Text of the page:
Methodology matters when studying milk microbiota

Microbiota found on teat end and in teat canal differed from microbiota in milk, but contamination interferes with evaluating microbiota over time.

December 9, 2019

2 Min Read
Methodology matters when studying milk microbiota

The Swedish University of Agricultural Sciences (SLU) announced the results of a doctoral thesis project with the overall aim to evaluate the presence of the milk microbiota coming from healthy lactating cows and describe factors that affect the milk microbiota.

In the announcement, SLU said the idea of a bacterial community -- a microbiota -- in milk with the purpose of inoculating the offspring's intestine for a better start in life is very appealing from an evolutionary perspective. The overall purpose of this thesis was to investigate if such bacterial community exists in bovine milk from healthy individuals and to describe factors that affect the microbiota.

Josef Dahlberg with the SLU department of animal nutrition and management defended his thesis "Bovine Milk Microbiota — Methods Matter" on Dec. 6.

Sequencing of the 16S rRNA gene was used for studying the microbiota, Dahlberg said, explaining that this method permits the identification of all bacteria present in a sample. Bacterial culturing according to mastitis diagnostics routines were included for reference and inflammatory status was followed by milk somatic cell count.

Dahlberg noted that three animal experiments were performed with the aims of describing variations in the milk microbiota due to milk sampling technique, milk fraction, over time and during Escherichia coli endotoxin-induced mastitis. Additionally, the microbiota in milk samples collected directly from an udder quarter were compared to that found on the skin of the teat end and in the teat canal, as well as in udder quarter composite milk collected from the milking machine, he said.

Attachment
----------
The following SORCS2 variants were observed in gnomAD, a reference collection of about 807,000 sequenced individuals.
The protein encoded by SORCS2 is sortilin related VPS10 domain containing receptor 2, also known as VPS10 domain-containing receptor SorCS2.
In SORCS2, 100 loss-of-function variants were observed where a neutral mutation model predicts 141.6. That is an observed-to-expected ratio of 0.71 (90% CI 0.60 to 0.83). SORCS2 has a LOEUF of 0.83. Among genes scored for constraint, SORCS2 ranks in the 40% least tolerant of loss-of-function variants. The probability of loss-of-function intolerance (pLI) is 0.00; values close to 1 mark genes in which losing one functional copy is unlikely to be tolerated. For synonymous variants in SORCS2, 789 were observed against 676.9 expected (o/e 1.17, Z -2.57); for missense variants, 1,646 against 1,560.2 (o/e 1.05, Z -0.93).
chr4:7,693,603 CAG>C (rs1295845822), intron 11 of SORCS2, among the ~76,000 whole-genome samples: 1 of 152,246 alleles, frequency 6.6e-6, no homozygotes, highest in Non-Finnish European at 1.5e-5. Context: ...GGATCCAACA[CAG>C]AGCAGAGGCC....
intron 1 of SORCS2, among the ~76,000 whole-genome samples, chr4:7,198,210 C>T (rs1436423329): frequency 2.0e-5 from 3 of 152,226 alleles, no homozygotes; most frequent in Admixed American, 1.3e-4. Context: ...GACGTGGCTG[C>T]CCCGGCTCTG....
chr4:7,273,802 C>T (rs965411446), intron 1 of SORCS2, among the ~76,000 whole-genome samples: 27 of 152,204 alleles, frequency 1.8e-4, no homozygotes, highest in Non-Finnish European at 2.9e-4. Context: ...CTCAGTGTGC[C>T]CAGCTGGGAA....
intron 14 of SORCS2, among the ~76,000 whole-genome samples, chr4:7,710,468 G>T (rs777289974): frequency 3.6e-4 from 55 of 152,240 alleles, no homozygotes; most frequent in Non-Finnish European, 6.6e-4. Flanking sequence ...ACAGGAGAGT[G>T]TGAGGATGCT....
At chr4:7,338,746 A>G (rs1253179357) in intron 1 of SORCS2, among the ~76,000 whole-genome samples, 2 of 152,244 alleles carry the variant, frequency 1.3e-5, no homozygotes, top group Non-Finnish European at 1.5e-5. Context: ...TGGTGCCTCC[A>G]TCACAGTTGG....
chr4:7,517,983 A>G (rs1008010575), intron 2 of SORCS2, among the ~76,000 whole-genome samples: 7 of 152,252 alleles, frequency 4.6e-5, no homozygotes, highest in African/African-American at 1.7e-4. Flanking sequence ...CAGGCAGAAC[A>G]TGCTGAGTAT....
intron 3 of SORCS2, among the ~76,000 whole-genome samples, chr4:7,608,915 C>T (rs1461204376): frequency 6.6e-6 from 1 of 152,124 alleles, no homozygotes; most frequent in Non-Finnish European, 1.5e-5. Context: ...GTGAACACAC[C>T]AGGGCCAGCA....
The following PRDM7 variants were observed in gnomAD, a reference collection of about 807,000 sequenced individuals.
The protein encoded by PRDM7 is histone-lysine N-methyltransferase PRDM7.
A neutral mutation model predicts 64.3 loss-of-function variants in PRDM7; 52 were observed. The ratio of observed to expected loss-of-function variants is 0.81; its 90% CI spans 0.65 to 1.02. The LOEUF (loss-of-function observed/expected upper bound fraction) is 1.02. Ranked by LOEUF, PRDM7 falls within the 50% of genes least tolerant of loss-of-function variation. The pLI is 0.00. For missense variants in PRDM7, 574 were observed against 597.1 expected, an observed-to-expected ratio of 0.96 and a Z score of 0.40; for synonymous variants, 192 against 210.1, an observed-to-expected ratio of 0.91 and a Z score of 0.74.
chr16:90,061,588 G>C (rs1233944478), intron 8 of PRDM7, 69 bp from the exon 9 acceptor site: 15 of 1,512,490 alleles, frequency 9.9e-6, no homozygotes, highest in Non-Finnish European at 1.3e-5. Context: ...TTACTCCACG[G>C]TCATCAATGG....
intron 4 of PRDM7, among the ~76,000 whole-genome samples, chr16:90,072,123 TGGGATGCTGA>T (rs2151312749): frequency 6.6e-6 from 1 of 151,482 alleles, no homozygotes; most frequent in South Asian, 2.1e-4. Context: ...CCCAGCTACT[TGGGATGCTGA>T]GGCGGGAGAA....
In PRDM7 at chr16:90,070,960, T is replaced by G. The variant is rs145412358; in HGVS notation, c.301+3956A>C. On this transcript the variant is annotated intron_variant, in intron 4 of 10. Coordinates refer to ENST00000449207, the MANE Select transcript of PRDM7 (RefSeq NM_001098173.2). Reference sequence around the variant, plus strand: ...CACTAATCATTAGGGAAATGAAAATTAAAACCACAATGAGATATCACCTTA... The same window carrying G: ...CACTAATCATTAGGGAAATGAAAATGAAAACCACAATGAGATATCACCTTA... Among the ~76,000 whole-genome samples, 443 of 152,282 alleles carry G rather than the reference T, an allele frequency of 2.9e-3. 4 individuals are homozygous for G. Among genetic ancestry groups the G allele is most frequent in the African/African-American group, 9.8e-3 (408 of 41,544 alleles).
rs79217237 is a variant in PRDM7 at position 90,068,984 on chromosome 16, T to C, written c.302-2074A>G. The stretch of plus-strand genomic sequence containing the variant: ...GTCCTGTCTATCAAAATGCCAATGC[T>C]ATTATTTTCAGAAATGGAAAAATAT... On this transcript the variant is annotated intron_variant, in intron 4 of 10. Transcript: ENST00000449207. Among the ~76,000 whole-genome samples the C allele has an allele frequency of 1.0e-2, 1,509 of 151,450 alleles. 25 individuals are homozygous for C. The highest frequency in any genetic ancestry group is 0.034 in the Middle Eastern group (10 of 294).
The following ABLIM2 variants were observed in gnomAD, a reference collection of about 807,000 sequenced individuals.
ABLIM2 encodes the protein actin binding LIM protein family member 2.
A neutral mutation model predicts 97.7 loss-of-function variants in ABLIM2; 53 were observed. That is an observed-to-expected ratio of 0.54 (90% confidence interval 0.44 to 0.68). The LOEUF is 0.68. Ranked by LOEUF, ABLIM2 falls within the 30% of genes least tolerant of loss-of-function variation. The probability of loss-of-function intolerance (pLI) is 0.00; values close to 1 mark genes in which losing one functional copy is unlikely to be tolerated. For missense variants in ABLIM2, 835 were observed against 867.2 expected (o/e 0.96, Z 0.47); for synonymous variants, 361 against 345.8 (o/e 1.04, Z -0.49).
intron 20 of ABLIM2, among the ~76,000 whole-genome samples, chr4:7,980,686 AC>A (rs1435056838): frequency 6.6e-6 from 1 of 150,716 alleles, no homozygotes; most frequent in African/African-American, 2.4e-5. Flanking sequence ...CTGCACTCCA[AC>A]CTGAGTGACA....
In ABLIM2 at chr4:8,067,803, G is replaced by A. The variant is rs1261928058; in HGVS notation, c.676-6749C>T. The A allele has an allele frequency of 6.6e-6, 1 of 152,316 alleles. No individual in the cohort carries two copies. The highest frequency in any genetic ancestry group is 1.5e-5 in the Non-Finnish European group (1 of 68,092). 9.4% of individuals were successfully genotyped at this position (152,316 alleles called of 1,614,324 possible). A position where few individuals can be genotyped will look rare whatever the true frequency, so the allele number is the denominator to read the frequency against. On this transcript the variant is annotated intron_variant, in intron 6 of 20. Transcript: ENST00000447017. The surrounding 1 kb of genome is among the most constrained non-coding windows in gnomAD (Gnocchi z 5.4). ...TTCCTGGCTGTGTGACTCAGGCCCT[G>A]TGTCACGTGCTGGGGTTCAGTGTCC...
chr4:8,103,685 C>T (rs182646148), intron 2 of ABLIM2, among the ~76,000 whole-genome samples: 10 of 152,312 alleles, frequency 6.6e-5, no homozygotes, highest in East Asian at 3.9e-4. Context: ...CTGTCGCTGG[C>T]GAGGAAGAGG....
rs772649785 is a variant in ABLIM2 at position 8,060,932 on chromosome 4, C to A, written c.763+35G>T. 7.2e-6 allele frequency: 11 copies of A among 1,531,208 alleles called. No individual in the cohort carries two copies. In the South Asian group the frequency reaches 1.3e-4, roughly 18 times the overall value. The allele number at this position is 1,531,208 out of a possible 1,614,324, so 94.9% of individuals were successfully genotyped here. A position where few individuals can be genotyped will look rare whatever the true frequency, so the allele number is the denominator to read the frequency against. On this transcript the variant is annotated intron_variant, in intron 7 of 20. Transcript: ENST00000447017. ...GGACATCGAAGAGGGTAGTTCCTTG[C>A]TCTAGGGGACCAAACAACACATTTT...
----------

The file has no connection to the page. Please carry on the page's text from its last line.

According to Dahlberg, the results showed that udder quarter composite milk cannot be used as a representative sample to study the microbiota in the udder as the composition of the microbiota in these samples differed significantly from the microbiota in milk collected directly from the teat. Moreover, he said the microbiota found on the teat end and in the teat canal differed significantly from the microbiota in milk.

Despite a careful and sterile handling of samples throughout the whole analytical process, contamination of the sequencing data proved to be a major contributor to the microbiota data in two of the included studies, Dahlberg said, noting that a correlation between bacterial biomass and impact of contamination was found, showing that the problem increased with low concentration of bacteria in a sample.

The degree of contamination of the sequencing data prohibited conclusions on the variation of microbiota over time and during E. coli endotoxin-induced mastitis, Dahlberg added.

Dahlberg concluded that contamination, from sample processing, had such a substantial effect on the data that the presence of a microbiota in milk from healthy individuals could not be evaluated.

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